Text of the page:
Orlando, Fla., - June 29, 2010 Sanford-Burnham Medical Research Institute at Lake Nona is pleased to announce that the National Institutes of Health (NIH) has awarded research grants to two faculty members in recognition of their contribution to advancing scientific understanding of cardiovascular diseases and chronic inflammation.
The grants are valued at $4.3 million dollars and were awarded to Dr. Daniel Kelly, professor and scientific director, Sanford-Burnham Institute at Lake Nona and Dr. Timothy Osborne, professor and director of the metabolic signaling and disease program at Lake Nona. The continued funding of current research allows scientists to pursue promising investigations and when indicated, supports the recruitment of additional lab staff.
Dr. Kelly’s five-year RO1 grant from the National Heart, Lung and Blood Institute provides $2.4 million dollars to investigate the metabolic basis of heart failure. This grant approval will initiate the 13th year of NIH support for the Kelly lab’s research in this area. To date, the results of this work have been published in 38 papers in prestigious scientific journals, including Genes and Development, Journal of Clinical Investigation, Circulation Research, and Molecular Cellular Biology.
Despite significant advances in the treatment of cardiovascular disease over the past several decades, therapeutic approaches to prevent heart failure, a worldwide health threat, are limited. Evidence is emerging that alterations in cardiac cell energy metabolism contribute to the development of heart failure.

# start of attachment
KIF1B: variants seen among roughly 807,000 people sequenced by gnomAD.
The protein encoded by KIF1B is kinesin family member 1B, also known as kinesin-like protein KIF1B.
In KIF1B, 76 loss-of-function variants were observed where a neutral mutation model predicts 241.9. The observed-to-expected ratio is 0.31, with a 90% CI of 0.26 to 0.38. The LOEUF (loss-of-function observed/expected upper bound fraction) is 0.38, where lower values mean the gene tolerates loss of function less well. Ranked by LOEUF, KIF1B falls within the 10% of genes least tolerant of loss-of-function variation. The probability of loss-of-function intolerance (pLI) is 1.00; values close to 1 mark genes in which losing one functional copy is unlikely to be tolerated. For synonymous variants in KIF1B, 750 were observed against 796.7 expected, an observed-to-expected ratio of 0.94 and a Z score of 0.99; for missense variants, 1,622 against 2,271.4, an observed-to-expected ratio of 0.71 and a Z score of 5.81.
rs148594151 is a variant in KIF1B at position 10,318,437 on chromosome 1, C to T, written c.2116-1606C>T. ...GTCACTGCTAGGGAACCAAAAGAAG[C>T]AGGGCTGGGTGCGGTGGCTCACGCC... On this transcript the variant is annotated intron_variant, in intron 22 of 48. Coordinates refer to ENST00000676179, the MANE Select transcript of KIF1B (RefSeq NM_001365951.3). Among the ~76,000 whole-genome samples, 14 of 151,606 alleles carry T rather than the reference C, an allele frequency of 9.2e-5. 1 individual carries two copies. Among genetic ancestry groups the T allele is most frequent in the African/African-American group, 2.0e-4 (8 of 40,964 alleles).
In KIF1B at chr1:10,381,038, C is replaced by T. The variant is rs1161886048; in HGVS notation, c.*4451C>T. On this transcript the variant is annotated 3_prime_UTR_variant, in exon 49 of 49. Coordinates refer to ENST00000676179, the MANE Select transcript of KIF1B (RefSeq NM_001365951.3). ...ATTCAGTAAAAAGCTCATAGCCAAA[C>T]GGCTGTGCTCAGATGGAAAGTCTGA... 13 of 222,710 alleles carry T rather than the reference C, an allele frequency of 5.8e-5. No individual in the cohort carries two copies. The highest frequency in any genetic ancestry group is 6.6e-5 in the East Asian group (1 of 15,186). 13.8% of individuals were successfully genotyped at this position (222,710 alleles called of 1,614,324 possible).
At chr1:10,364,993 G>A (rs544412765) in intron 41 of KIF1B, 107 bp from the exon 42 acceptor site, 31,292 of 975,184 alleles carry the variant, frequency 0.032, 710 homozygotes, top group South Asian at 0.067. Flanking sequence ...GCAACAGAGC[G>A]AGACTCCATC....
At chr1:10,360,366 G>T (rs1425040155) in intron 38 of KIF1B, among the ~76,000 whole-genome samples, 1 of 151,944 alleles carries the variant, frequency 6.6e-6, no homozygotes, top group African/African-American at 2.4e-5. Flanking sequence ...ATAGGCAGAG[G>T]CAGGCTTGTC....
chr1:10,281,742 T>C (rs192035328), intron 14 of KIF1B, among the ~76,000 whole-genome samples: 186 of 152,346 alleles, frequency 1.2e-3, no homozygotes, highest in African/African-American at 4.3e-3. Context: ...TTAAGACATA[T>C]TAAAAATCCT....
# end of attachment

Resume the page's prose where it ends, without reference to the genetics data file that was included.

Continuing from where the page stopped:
The NIH grant will allow scientists to determine if changes in fuel metabolism or alterations in mitochondria, the “power house” of the cell, leads to heart failure. In the long-term, Dr. Kelly seeks to identify novel drug targets aimed at modulating heart metabolism as a new approach to prevent or treat heart failure in its early stages.
Dr. Osborne’s four year RO1 grant is valued at $1.9 million and represents the latest installment of a project that has been continuously funded by the NIH since 1994. Dr. Osborne’s work has resulted in more than 70 research publications describing mechanisms that our bodies use to maintain an optimal balance between cellular cholesterol and fatty acids which goes haywire in cardiovascular and obesity related diseases. The current project seeks to study key interactions between fat metabolism and inflammation. The complex interactions between these two seemingly unrelated processes play a major role in the body’s ability to manage fat overload, which is a major complication of obesity, diabetes and many other chronic diseases.
About Sanford-Burnham Medical Research Institute
Sanford-Burnham Medical Research Institute, formerly Burnham Institute for Medical Research, is dedicated to discovering the fundamental molecular causes of disease and devising the innovative therapies of tomorrow. Sanford-Burnham, with operations in California and Florida, is one of the fastest-growing research institutes in the country. The Institute ranks among the top independent research institutions nationally for NIH grant funding and among the top organizations worldwide for its research impact. From 1999–2009, Sanford-Burnham ranked #1 worldwide among all types of organizations in the fields of biology and biochemistry for the impact of its research publications, defined by citations per publication, according to the Institute for Scientific Information. According to government statistics, Sanford-Burnham ranks #2 nationally among all organizations in capital efficiency of generating patents, defined by number of patents issued per grant dollars awarded.
Sanford-Burnham utilizes a unique, collaborative approach to medical research and has established major research programs in cancer, neurodegeneration, diabetes, and infectious, inflammatory, and childhood diseases. The Institute is especially known for its world-class capabilities in stem cell research and drug discovery technologies. Sanford-Burnham is a nonprofit public benefit corporation. For more information, please visit www.sanfordburnham.org.
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Sanford-Burnham Medical Research Institute at Lake Nona